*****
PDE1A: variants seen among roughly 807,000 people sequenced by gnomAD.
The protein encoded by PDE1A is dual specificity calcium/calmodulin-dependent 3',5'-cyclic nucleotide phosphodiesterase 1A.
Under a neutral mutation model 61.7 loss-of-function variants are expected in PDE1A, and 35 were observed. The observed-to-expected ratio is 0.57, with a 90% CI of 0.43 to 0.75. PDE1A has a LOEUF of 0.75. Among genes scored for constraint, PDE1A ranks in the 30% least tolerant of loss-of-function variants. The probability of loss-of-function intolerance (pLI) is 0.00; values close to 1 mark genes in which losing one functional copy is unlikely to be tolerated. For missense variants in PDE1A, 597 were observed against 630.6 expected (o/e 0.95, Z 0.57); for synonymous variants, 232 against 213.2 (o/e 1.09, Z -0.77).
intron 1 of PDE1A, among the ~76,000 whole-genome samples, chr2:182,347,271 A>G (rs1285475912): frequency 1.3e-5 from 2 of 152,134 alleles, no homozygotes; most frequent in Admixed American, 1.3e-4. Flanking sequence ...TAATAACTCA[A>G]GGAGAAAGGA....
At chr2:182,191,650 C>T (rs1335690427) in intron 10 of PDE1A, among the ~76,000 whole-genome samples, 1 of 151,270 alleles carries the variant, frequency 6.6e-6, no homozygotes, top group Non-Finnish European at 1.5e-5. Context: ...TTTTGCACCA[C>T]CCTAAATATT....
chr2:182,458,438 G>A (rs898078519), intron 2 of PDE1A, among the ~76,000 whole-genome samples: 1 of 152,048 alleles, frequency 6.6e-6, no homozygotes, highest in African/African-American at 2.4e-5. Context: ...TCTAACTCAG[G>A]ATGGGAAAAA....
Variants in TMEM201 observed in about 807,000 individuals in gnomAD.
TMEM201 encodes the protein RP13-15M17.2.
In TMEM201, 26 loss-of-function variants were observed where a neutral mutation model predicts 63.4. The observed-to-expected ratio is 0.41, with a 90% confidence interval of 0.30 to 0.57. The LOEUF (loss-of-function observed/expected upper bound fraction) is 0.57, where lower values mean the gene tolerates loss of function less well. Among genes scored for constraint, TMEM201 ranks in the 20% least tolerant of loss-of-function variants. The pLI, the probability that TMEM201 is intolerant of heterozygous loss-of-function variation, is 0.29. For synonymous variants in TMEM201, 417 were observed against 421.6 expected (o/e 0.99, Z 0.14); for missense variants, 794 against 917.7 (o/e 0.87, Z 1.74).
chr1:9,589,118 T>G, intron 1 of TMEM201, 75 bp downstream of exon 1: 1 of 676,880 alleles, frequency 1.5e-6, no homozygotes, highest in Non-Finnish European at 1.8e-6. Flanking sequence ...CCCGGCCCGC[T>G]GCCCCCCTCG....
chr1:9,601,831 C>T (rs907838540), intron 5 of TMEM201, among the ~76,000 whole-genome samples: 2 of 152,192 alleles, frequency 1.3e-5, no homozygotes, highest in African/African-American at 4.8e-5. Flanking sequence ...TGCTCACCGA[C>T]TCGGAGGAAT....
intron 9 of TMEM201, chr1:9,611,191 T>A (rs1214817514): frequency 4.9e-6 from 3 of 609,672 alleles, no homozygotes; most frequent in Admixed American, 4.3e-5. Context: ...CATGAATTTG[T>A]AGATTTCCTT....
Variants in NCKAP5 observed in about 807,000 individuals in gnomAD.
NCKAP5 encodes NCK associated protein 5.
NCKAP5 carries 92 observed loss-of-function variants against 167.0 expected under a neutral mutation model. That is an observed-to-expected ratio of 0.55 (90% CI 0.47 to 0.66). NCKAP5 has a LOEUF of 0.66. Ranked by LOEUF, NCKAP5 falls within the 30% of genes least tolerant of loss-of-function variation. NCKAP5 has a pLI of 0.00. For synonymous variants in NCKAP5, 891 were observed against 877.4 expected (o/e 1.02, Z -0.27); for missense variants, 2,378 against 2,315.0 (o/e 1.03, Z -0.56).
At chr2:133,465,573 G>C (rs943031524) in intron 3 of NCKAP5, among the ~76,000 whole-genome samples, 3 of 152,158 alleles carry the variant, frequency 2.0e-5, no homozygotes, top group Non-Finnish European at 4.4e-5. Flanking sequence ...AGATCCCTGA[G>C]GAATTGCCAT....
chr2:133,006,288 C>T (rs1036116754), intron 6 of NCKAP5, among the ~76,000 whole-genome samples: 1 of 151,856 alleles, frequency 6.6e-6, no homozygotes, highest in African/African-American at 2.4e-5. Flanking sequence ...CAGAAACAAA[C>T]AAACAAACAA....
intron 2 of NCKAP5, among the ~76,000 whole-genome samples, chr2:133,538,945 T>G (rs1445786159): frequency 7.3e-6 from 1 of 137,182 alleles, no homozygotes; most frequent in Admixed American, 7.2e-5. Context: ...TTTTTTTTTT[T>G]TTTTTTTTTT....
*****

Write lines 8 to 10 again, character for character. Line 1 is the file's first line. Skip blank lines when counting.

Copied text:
TMEM201 encodes the protein RP13-15M17.2.
In TMEM201, 26 loss-of-function variants were observed where a neutral mutation model predicts 63.4. The observed-to-expected ratio is 0.41, with a 90% confidence interval of 0.30 to 0.57. The LOEUF (loss-of-function observed/expected upper bound fraction) is 0.57, where lower values mean the gene tolerates loss of function less well. Among genes scored for constraint, TMEM201 ranks in the 20% least tolerant of loss-of-function variants. The pLI, the probability that TMEM201 is intolerant of heterozygous loss-of-function variation, is 0.29. For synonymous variants in TMEM201, 417 were observed against 421.6 expected (o/e 0.99, Z 0.14); for missense variants, 794 against 917.7 (o/e 0.87, Z 1.74).
chr1:9,589,118 T>G, intron 1 of TMEM201, 75 bp downstream of exon 1: 1 of 676,880 alleles, frequency 1.5e-6, no homozygotes, highest in Non-Finnish European at 1.8e-6. Flanking sequence ...CCCGGCCCGC[T>G]GCCCCCCTCG....